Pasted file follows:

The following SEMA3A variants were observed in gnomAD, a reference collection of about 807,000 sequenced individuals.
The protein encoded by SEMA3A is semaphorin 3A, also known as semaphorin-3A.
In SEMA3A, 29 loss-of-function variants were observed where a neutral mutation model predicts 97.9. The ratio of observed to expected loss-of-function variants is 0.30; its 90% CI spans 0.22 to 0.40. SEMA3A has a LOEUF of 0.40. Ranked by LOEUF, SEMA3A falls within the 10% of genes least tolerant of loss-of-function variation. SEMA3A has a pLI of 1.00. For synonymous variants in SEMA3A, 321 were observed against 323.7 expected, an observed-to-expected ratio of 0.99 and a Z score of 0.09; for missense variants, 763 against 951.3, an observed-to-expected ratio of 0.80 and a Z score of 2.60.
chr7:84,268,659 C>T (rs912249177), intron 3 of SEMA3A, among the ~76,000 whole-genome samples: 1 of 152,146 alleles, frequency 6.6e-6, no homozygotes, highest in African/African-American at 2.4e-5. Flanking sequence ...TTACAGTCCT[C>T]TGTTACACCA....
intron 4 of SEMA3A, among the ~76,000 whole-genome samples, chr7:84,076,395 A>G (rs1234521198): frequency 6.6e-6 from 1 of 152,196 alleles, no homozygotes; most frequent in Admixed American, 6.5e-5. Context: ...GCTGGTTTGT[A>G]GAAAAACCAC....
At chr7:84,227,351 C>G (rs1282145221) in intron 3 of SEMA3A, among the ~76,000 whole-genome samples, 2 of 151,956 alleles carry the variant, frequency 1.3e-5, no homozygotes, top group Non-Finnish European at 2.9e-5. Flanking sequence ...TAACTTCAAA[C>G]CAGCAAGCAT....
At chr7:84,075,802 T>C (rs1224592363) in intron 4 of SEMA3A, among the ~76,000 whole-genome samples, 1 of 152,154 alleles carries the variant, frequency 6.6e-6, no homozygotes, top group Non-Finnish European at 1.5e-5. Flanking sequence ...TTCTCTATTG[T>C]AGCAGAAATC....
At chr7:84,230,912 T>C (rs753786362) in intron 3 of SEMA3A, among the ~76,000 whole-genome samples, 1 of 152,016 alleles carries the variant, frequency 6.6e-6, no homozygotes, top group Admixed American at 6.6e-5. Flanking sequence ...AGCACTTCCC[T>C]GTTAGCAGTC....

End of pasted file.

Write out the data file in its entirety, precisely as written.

The following SEMA3A variants were observed in gnomAD, a reference collection of about 807,000 sequenced individuals.
The protein encoded by SEMA3A is semaphorin 3A, also known as semaphorin-3A.
In SEMA3A, 29 loss-of-function variants were observed where a neutral mutation model predicts 97.9. The ratio of observed to expected loss-of-function variants is 0.30; its 90% CI spans 0.22 to 0.40. SEMA3A has a LOEUF of 0.40. Ranked by LOEUF, SEMA3A falls within the 10% of genes least tolerant of loss-of-function variation. SEMA3A has a pLI of 1.00. For synonymous variants in SEMA3A, 321 were observed against 323.7 expected, an observed-to-expected ratio of 0.99 and a Z score of 0.09; for missense variants, 763 against 951.3, an observed-to-expected ratio of 0.80 and a Z score of 2.60.
chr7:84,268,659 C>T (rs912249177), intron 3 of SEMA3A, among the ~76,000 whole-genome samples: 1 of 152,146 alleles, frequency 6.6e-6, no homozygotes, highest in African/African-American at 2.4e-5. Flanking sequence ...TTACAGTCCT[C>T]TGTTACACCA....
intron 4 of SEMA3A, among the ~76,000 whole-genome samples, chr7:84,076,395 A>G (rs1234521198): frequency 6.6e-6 from 1 of 152,196 alleles, no homozygotes; most frequent in Admixed American, 6.5e-5. Context: ...GCTGGTTTGT[A>G]GAAAAACCAC....
At chr7:84,227,351 C>G (rs1282145221) in intron 3 of SEMA3A, among the ~76,000 whole-genome samples, 2 of 151,956 alleles carry the variant, frequency 1.3e-5, no homozygotes, top group Non-Finnish European at 2.9e-5. Flanking sequence ...TAACTTCAAA[C>G]CAGCAAGCAT....
At chr7:84,075,802 T>C (rs1224592363) in intron 4 of SEMA3A, among the ~76,000 whole-genome samples, 1 of 152,154 alleles carries the variant, frequency 6.6e-6, no homozygotes, top group Non-Finnish European at 1.5e-5. Flanking sequence ...TTCTCTATTG[T>C]AGCAGAAATC....
At chr7:84,230,912 T>C (rs753786362) in intron 3 of SEMA3A, among the ~76,000 whole-genome samples, 1 of 152,016 alleles carries the variant, frequency 6.6e-6, no homozygotes, top group Admixed American at 6.6e-5. Flanking sequence ...AGCACTTCCC[T>C]GTTAGCAGTC....